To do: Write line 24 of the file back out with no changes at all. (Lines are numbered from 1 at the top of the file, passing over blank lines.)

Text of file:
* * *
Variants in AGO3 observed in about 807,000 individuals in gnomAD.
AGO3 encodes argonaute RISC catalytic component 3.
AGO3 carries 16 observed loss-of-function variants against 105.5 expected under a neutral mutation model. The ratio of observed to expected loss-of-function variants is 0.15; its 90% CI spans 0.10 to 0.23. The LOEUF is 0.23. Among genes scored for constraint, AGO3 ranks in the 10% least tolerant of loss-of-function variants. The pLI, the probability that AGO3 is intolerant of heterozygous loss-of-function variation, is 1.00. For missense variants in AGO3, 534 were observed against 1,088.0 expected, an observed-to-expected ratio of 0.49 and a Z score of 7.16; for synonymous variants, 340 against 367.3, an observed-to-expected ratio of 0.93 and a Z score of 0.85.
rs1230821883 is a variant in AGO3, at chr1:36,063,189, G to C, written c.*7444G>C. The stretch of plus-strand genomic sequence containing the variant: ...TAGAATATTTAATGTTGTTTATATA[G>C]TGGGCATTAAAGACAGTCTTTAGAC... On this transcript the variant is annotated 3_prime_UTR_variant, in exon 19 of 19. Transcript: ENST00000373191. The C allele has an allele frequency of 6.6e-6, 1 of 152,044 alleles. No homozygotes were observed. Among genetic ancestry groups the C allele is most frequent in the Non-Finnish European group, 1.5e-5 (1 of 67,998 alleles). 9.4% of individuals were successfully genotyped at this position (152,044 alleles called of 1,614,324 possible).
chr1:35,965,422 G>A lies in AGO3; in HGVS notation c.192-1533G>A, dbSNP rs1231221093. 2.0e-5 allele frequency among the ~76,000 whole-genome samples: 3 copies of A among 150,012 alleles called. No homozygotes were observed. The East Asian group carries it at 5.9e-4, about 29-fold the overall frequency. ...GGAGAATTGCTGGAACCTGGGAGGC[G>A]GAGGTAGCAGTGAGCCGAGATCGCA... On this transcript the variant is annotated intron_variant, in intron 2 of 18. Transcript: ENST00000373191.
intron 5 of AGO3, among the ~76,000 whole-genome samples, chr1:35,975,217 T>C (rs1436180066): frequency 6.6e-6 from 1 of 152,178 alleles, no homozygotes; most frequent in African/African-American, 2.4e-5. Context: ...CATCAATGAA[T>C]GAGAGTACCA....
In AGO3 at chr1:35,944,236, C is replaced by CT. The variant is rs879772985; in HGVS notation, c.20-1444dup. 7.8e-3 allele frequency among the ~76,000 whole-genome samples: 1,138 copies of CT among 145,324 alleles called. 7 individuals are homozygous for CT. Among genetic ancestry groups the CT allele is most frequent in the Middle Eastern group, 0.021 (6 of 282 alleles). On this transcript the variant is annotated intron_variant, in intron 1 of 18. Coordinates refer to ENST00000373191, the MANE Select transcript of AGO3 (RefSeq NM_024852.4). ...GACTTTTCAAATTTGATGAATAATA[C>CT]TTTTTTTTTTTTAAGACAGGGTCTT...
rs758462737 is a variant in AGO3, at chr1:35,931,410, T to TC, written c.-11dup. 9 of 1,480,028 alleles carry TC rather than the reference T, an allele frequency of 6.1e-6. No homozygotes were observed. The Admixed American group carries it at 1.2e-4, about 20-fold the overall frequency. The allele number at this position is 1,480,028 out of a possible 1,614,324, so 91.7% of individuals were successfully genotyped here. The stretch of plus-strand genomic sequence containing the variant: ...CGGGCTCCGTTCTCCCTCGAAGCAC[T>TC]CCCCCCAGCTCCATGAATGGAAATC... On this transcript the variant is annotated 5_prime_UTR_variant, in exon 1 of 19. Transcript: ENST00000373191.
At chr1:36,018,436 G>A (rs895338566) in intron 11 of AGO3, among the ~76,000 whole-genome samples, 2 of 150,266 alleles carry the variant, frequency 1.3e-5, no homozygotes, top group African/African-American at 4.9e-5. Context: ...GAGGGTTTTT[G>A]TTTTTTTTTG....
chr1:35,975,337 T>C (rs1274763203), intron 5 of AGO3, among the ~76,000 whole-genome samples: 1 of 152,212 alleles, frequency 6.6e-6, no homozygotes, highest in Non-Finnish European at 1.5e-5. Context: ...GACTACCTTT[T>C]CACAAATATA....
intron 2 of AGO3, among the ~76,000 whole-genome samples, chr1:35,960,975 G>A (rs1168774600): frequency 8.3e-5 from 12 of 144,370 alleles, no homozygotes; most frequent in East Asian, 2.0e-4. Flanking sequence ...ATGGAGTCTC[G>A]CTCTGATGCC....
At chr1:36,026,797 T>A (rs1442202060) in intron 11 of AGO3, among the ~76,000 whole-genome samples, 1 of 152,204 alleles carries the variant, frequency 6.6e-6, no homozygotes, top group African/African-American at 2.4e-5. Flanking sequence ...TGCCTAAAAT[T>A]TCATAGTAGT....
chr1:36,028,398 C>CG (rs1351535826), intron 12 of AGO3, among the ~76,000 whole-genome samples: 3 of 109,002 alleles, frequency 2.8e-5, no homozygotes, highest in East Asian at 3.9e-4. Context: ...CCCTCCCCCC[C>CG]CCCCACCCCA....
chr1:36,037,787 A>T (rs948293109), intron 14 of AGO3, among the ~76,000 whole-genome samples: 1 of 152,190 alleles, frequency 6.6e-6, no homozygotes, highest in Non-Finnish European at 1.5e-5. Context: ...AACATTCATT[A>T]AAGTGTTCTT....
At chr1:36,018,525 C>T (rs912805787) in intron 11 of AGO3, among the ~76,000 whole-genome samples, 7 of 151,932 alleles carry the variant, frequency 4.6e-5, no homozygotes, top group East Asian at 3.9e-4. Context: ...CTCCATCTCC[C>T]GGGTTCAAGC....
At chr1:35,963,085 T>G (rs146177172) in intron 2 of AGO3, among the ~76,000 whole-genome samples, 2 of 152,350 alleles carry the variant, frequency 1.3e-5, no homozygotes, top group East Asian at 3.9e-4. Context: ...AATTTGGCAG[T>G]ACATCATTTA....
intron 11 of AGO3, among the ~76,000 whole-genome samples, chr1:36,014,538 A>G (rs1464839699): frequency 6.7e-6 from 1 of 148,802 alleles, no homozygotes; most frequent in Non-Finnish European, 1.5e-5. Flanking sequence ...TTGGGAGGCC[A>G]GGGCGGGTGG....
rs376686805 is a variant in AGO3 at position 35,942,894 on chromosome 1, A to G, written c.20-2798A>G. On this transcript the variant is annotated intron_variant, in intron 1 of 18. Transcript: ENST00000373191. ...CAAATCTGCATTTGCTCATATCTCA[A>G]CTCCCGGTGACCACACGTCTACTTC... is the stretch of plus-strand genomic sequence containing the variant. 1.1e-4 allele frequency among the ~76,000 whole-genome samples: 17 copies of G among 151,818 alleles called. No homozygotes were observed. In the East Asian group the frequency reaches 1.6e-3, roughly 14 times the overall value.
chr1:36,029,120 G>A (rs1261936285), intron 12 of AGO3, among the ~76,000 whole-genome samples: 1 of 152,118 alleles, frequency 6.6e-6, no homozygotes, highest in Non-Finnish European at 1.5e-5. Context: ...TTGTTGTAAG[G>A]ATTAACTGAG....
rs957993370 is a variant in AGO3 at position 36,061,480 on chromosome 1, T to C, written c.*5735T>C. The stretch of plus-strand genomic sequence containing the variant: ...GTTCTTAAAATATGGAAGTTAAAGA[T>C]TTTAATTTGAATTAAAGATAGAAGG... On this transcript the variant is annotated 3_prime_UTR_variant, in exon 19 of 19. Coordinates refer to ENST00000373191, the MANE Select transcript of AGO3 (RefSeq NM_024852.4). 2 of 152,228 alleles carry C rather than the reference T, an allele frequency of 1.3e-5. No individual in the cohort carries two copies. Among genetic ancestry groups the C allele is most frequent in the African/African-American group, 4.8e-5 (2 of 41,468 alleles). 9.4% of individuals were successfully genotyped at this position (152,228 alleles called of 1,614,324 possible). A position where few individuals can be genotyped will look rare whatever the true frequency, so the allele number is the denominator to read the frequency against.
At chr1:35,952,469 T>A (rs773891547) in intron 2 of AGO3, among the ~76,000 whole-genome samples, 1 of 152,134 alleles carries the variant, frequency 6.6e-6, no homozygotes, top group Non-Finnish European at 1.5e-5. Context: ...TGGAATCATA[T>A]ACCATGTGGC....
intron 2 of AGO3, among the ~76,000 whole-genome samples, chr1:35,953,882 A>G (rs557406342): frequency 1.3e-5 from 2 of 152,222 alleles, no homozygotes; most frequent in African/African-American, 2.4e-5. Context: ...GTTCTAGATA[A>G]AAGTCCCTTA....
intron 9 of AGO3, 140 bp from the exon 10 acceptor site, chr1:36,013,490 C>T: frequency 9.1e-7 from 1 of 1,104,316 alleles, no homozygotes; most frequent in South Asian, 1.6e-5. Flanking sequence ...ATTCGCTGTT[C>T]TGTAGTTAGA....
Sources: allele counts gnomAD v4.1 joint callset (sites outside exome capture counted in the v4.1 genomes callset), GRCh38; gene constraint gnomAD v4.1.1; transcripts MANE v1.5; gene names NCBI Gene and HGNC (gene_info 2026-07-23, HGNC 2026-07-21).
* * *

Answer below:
Sources: allele counts gnomAD v4.1 joint callset (sites outside exome capture counted in the v4.1 genomes callset), GRCh38; gene constraint gnomAD v4.1.1; transcripts MANE v1.5; gene names NCBI Gene and HGNC (gene_info 2026-07-23, HGNC 2026-07-21).